I love Florida Derby day. It signals the beginning of the final (and biggest) Kentucky Derby prep races, and the other races on the afternoon’s program tend to be outstanding contests between some of the nation’s top racehorses.
When I woke up this morning, I did have one dark spot on the horizon: the forecast for the afternoon was absolutely dire, with predictions of rainstorms that would make Noah nervous. I had a perfect line of defense, though: my tried-and-true rain boots. You see, nearly every time I haul these bad boys across the nation and slap them on my feet, the rain stays away and I end up with very hot tootsies but a very dry day of racing.
As I hopped into my little rental car and made my way down to Gulfstream Park at about 8 AM (I was getting there early since I wanted to see all of the action out of Dubai for World Cup day, since I am a glutton for all things horse racing) I was still a little worried, though – rain was pattering on my windshield almost all the way down the I-95 corridor.
However, once I arrived at the track, the sky had lightened and we were treated to a warm, if a bit overcast, morning. I hurried to settle into the press box so I could be sure to keep an eye on all of the World Cup action; plus, I wanted to make sure that I had plenty of time to explore Gulfstream and see what the Florida Derby day scene would be like.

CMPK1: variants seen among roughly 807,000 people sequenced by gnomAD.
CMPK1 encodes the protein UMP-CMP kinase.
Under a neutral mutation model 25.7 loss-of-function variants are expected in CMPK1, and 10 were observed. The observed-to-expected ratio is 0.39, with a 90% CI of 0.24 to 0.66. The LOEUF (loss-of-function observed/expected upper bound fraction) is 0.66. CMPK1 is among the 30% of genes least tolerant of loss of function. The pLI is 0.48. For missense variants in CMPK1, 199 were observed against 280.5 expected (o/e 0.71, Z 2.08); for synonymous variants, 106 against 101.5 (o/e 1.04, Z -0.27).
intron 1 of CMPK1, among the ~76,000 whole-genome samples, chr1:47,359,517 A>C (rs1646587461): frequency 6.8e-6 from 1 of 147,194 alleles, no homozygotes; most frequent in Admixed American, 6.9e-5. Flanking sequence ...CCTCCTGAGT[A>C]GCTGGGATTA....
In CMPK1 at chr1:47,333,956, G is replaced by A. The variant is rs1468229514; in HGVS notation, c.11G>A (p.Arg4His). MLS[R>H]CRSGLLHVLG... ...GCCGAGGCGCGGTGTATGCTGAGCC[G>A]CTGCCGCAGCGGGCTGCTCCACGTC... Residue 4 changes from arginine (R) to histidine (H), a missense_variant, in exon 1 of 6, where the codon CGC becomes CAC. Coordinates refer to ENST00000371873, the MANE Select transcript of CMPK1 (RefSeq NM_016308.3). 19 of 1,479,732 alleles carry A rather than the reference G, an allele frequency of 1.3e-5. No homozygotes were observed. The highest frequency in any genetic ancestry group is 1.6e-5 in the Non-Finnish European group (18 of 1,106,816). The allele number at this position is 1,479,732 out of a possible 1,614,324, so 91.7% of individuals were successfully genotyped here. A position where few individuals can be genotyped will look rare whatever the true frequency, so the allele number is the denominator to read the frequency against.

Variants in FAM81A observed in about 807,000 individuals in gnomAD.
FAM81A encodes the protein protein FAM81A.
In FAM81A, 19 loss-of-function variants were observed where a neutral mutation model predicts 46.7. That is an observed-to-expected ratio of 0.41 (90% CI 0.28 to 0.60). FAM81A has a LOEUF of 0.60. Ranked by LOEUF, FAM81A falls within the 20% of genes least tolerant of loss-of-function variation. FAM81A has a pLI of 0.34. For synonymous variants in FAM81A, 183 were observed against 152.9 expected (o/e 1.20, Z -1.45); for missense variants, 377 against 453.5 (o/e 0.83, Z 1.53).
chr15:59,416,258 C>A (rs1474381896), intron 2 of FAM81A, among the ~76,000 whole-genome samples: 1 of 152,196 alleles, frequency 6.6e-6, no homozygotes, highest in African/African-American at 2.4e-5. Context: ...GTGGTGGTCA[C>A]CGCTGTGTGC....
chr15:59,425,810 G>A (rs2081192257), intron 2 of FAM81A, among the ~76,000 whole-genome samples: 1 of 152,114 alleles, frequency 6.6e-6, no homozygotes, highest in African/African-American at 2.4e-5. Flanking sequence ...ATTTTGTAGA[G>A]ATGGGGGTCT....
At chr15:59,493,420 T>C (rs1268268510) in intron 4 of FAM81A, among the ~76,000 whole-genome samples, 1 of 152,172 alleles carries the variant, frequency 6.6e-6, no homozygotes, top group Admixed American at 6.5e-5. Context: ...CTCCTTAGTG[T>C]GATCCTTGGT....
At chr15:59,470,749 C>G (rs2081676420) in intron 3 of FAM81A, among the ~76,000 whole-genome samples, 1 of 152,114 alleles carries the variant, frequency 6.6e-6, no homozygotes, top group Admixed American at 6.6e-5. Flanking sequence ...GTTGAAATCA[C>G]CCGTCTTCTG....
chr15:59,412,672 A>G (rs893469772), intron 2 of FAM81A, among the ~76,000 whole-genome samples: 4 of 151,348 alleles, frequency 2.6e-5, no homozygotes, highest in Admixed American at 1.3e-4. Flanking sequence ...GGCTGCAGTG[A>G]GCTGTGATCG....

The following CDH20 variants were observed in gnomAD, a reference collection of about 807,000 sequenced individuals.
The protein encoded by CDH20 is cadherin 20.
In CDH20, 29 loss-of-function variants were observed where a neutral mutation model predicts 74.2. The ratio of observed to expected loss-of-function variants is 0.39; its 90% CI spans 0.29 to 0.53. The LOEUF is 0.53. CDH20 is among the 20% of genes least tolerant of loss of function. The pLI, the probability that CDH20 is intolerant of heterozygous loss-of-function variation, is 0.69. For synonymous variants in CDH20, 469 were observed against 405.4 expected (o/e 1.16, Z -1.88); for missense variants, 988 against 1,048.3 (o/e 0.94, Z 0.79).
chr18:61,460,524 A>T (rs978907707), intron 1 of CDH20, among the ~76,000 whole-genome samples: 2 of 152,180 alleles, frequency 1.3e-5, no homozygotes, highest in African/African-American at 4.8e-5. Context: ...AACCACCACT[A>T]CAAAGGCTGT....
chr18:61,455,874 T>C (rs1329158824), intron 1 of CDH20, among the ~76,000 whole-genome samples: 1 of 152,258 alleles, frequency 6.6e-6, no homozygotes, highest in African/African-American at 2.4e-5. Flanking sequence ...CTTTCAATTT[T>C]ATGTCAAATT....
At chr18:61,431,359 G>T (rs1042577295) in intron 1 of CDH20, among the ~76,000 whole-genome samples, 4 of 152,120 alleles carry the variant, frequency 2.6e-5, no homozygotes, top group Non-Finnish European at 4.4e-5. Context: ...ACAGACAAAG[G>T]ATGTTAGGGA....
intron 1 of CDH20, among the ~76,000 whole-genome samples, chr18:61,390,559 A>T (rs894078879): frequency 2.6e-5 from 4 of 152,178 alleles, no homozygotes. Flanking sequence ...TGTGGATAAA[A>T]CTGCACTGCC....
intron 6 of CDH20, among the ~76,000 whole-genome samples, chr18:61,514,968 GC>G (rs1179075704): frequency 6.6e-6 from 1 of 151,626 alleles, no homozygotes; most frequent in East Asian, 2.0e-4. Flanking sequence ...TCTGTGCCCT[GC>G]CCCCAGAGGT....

When I headed out to the track’s Grandstand after the first race, I realized I was in for a great day: the place was absolutely packed, and there were people there who were dressed to the nines. I especially loved seeing all of the great hats on the stylish women attending the races.
The first race on the program that I was really interested in was the third: it was a maiden race (meaning that none of the horses entered had ever won) for three-year-old fillies (aka female horses.) Among the runners was La Madrina, a half-sister to the 2013 Haskell Invitational winner Verrazano. As the horses neared the starting gate, I hurried to the winner’s circle as I wanted to see if she showed a promise of the same ability as her older brother.
I wasn’t disappointed – when the race finished, La Mandrina was alone at the finish line, having left the rest of the field in her wake as she charged to victory.